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Simply put, this means diagonal. When fabric is cut diagonally across the grain (at a 45 degree angle) this has couple effects. The most noticeable is that the fabric becomes quite stretchy, which is very useful if you are using it to cover a curved edge. Another effect is that the fabric actually is a bit stronger this way, since you have more woven threads in the same space rather than just vertical and horizontal threads.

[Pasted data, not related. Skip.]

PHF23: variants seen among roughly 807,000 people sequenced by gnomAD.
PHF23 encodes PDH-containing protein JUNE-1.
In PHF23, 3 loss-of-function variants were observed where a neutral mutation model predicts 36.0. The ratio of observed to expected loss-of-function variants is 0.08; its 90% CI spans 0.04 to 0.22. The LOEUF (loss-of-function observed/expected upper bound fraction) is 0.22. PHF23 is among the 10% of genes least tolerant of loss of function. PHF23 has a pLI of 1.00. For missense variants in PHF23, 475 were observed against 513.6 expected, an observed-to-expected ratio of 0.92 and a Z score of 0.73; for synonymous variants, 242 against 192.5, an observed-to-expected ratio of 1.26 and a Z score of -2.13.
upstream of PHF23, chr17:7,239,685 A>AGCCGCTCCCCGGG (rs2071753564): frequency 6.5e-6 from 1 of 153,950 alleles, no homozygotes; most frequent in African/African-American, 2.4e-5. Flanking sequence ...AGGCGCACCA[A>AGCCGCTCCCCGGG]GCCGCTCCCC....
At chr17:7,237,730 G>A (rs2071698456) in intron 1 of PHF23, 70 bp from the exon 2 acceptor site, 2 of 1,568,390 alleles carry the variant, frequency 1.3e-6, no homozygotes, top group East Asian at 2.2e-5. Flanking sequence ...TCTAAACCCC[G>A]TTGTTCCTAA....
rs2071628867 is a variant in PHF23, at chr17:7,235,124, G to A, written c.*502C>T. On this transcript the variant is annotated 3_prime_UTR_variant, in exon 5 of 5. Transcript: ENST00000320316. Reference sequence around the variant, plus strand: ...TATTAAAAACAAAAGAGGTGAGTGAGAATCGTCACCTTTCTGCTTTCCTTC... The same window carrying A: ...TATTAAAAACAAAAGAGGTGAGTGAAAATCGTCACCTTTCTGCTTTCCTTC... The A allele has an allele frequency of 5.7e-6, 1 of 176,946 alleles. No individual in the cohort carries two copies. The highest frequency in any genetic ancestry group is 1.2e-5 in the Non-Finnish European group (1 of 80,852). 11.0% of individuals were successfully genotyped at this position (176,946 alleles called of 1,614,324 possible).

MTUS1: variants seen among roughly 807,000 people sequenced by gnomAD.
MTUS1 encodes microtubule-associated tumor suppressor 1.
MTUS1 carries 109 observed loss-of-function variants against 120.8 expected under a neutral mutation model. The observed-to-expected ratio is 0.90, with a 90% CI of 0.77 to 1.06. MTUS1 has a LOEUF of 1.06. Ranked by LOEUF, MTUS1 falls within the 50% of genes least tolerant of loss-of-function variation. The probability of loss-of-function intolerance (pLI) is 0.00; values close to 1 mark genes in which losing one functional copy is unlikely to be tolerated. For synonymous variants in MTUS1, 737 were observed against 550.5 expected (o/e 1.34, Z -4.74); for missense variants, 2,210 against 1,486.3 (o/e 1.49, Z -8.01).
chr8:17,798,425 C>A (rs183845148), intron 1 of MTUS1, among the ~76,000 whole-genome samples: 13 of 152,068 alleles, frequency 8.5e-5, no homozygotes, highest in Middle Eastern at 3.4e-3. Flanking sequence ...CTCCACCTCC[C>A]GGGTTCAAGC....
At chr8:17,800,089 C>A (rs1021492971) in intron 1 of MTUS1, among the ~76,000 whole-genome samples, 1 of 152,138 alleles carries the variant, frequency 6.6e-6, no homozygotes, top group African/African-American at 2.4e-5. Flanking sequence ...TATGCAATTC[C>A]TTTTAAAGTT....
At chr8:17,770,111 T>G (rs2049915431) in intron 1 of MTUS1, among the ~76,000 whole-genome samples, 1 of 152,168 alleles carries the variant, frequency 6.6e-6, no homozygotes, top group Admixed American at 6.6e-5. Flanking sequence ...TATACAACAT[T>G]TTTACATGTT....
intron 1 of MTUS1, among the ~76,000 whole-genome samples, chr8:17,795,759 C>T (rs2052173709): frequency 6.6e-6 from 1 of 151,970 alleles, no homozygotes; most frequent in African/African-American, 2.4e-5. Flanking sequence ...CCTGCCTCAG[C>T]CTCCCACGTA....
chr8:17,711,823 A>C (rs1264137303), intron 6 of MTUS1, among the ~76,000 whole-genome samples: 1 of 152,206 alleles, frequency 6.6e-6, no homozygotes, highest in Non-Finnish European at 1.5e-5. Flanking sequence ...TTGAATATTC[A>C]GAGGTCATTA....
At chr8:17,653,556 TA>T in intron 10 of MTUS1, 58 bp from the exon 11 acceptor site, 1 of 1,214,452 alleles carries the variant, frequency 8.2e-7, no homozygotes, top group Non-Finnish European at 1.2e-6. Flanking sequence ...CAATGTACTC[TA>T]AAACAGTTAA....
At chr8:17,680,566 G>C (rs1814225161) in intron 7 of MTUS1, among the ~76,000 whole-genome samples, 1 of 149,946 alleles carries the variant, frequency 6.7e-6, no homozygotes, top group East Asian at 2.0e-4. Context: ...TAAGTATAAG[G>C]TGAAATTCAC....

Woven fabric of course has vertical and horizontal fibers, woven together to create the fabric. The fibers that run along the selvage is known as the warp, which is also called the “grain” of the fabric. The “cross grain” fibers that run from selvage to selvage are also known as the weft. If you don’t have the benefit of selvage to tell you which way the grain runs, you can tell by pulling on the fabric. When you pull along the weft (selvage to selvage), it will be slightly stretchier than if you pull along the warp (along the selvage).

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